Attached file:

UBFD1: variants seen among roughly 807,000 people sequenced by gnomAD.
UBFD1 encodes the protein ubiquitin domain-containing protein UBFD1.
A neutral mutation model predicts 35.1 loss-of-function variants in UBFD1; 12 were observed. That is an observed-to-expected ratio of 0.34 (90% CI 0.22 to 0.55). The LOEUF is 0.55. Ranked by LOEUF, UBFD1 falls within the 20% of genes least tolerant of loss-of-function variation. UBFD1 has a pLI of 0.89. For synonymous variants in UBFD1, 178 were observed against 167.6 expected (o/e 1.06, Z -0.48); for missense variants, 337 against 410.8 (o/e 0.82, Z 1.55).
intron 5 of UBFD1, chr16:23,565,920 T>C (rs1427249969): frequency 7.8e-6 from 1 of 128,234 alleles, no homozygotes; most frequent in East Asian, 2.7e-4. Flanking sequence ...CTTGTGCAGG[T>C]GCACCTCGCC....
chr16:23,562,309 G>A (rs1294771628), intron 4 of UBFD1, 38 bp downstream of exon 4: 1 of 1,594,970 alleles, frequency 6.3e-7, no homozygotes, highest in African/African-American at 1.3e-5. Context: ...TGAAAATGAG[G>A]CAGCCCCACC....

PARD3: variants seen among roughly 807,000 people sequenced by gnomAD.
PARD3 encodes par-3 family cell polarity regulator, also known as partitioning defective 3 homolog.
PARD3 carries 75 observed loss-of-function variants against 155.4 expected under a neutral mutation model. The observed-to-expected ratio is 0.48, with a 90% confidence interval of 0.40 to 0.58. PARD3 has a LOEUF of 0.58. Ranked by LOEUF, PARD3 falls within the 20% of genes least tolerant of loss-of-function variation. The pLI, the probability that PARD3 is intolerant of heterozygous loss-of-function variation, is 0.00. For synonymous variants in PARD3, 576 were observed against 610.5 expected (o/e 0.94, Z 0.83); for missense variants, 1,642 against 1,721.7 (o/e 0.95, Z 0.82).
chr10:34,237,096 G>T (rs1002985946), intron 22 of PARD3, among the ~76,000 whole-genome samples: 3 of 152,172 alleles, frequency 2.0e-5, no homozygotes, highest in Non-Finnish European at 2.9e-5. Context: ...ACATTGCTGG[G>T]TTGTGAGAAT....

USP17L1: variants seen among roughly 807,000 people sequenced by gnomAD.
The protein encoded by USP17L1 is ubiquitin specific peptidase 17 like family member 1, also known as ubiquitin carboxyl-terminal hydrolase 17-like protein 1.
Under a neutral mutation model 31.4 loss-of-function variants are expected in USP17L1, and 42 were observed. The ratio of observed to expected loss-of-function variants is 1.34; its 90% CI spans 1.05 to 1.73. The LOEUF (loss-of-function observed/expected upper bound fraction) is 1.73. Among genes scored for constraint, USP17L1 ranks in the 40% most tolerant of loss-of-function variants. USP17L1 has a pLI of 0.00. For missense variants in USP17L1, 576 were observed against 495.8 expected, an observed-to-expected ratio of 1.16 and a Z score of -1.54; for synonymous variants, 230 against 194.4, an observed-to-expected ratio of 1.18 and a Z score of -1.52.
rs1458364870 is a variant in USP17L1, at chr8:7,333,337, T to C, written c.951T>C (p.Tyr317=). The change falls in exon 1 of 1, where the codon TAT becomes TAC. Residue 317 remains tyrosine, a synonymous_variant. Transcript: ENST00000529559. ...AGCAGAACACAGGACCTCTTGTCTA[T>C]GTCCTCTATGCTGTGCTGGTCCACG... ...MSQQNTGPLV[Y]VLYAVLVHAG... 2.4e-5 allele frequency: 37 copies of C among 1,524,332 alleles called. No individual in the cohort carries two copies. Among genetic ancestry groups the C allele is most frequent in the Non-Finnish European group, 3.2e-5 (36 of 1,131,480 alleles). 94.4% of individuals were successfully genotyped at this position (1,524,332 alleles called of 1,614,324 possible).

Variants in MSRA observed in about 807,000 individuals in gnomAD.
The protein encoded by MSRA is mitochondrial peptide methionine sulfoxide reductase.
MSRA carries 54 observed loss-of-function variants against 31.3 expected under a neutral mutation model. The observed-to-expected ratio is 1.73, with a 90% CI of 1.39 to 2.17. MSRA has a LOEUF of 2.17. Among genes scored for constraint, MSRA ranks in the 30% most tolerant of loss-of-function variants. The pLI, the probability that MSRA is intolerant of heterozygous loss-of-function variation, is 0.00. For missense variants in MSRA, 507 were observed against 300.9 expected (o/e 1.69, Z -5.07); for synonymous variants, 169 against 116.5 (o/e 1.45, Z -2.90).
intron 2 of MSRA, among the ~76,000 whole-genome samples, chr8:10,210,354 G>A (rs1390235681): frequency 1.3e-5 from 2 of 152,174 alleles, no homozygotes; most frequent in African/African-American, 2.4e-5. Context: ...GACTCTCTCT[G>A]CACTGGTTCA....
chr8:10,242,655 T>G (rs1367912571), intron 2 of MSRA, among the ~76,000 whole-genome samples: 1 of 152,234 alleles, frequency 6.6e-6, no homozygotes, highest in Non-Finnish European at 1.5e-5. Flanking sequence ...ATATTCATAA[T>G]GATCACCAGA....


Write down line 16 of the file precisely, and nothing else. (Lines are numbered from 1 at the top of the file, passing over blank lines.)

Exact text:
MSRA carries 54 observed loss-of-function variants against 31.3 expected under a neutral mutation model. The observed-to-expected ratio is 1.73, with a 90% CI of 1.39 to 2.17. MSRA has a LOEUF of 2.17. Among genes scored for constraint, MSRA ranks in the 30% most tolerant of loss-of-function variants. The pLI, the probability that MSRA is intolerant of heterozygous loss-of-function variation, is 0.00. For missense variants in MSRA, 507 were observed against 300.9 expected (o/e 1.69, Z -5.07); for synonymous variants, 169 against 116.5 (o/e 1.45, Z -2.90).